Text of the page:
Which Oil Giant Generates The Most Cash?

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By Tsvetana Paraskova

As the oil supermajors surpassed estimates with strong Q4 and 2018 earnings, Shell beat Exxon—for a second year running—to affirm itself as Big Oil’s biggest cash flow generator.

Shell, which took Exxon’s cash crown with its 2017 earnings, continues to generate more cash flow than the U.S. supermajor, and analysts expect the Anglo-Dutch group to keep its lead in 2019, 2020, and 2021 as well. Exxon, however, has started to catch up as it invests in growing its production in new oil and gas production.

Unlike Shell—and all of the Big Oil pack—Exxon has been growing capital expenditures over the past two years as it looks to seize favorable opportunities to boost production, profits, and cash flows. While Shell and the rest of Big Oil continue to vow strict capital discipline amid fluctuating oil prices, Exxon raised its 2018 capital expenditures (capex) from the previous year and will further boost investments in 2019.

Shell, for its part, has been boosting cash flows in recent years thanks to its acquisition of BG Group completed in 2016.

So the two major cash flow generators among Big Oil have adopted different approaches to boosting cash—a closely watched metric not only by analysts but also by shareholders who now want supermajors to reward them with more returns for having stuck with them in 2015-2016 through one of the worst industry downturns in recent decades.

For 2018, Shell reported cash flow from operating activities of US$53.085 billion, up by a whopping 49 percent compared to 2017.

Exxon said that its 2018 cash flow from operating activities was at its highest level since 2014. At US$36.014 billion, cash flow from operating activities was still way below Shell’s cash generation.

According to estimates from HSBC, reported by Reuters’ Ron Bousso, Shell will continue to be the king of cash flows among the five supermajors—Shell, Exxon, Chevron, BP, and Total—at least through 2021, but Exxon is set to shorten Shell’s lead.

While Shell and other majors stick to capital discipline, Exxon is boosting investments to grow production.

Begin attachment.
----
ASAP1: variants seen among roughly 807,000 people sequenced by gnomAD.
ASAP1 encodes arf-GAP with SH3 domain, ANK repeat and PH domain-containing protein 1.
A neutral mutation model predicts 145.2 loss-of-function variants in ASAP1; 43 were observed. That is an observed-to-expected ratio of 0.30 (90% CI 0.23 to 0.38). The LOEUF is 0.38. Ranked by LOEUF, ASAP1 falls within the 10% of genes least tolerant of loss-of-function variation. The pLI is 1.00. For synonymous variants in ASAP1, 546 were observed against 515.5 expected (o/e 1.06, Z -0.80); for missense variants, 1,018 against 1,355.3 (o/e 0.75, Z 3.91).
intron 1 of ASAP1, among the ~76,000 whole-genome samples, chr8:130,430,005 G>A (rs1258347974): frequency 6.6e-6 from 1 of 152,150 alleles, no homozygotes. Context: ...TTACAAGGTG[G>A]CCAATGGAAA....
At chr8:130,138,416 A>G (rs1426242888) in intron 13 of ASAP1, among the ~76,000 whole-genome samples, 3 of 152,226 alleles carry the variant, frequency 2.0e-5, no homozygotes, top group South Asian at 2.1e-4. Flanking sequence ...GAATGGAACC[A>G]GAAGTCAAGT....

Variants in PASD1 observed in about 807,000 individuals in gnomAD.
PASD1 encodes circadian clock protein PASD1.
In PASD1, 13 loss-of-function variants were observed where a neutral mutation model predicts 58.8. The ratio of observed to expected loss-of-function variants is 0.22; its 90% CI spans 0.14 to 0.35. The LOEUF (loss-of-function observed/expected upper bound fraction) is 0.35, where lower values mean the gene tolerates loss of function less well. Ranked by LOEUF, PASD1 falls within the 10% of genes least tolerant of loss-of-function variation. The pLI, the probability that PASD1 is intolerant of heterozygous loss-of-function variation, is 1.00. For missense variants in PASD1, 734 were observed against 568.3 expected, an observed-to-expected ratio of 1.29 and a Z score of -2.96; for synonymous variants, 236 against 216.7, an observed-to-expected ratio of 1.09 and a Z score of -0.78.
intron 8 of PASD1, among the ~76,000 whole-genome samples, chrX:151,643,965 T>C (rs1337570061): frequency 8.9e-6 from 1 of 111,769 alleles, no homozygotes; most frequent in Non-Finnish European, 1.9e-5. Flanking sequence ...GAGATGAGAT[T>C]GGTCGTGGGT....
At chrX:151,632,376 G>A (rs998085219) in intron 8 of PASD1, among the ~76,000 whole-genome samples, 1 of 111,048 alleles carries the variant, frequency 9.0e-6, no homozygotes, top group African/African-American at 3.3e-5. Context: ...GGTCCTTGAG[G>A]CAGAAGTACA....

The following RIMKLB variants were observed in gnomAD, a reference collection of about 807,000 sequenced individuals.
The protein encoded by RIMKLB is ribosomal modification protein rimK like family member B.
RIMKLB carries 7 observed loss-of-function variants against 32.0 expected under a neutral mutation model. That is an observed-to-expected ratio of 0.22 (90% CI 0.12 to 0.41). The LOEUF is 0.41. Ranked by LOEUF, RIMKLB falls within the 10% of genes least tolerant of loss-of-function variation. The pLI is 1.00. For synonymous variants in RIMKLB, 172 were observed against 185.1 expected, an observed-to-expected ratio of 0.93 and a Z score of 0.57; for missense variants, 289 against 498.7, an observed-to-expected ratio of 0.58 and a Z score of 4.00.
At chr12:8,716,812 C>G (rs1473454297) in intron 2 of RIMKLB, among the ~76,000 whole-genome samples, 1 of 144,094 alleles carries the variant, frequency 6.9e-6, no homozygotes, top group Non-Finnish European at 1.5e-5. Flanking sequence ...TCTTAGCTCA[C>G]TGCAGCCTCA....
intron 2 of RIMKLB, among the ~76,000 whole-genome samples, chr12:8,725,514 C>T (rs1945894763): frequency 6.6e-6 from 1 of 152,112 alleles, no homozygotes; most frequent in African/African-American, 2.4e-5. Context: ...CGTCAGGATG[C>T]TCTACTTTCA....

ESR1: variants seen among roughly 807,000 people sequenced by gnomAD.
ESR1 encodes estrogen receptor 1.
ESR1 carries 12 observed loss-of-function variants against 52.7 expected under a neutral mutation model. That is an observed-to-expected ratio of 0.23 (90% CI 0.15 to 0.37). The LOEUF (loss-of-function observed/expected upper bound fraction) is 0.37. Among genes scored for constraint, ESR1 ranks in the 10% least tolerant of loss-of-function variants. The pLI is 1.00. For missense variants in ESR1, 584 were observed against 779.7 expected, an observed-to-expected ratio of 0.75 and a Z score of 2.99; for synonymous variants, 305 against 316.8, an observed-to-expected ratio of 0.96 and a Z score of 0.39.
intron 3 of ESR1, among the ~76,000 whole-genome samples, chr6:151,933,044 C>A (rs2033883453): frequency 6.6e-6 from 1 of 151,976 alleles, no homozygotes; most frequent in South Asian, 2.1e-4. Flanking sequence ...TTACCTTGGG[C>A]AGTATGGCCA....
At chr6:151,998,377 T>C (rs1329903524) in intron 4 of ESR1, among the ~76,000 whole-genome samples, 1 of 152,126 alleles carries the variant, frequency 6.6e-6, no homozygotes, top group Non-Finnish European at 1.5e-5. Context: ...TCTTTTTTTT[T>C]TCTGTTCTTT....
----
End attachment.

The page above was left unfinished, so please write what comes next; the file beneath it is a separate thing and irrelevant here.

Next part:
Shell’s capital investment in 2018 stood at US$24.779 billion, slightly up from US$24.006 billion for 2017.

“We will continue with a strong delivery focus in 2019, with a disciplined approach to capital investment and growing both our cash flow and returns,” chief executive officer Ben van Beurden commented in Shell’s results release.

Exxon, on the other hand, boosted its capital and exploration expenditures last year by 12 percent annually, to US$25.9 billion from US$23.080 billion, “including incremental spend to accelerate value capture,” the U.S. supermajor said.

Exxon is betting big on the Permian, where it has vowed to triple its production by 2025 and expand infrastructure, as well as on its star oil discoveries offshore Guyana and projects in liquefied natural gas (LNG).

A few days after the 2018 results announcement, Exxon said that together with its partner Qatar Petroleum, it had made a final investment decision to proceed with development of the Golden Pass LNG export project in Sabine Pass, Texas. The project, worth more than US$10 billion, is expected to start up in 2024.

Speaking on the Q4 earnings call, Exxon’s chairman and chief executive officer Darren Woods said that Exxon would be boosting capital expenditures this year compared to last year.

“As I just said, going into 2019 we expect to be around 30 billion and that does reflect the progress and the opportunities that we’re seeing in Guyana, the upside that we’ve seen there as well as the Permian,” said Woods.

In divestments, Shell achieved last year its target to sell US$30 billion worth of assets, and Exxon is now looking to accelerate its asset sales as well.

“So I would expect to see more activity in divestments in the upstream side of the portfolio. That’s going to be driven really by the opportunities that the market brings. We’ve got I think a pipeline of assets that we think would make sense to market,” Exxon’s Woods said on the earnings call.

“We’re not trying to hit some schedule associated with it. We’re really trying to make sure that we can realize the maximum value out of the assets that we have in our portfolio,” he noted.

Exxon and Shell are both raising cash flows from the 2016 lows, but they have different strategies to achieve their goals.

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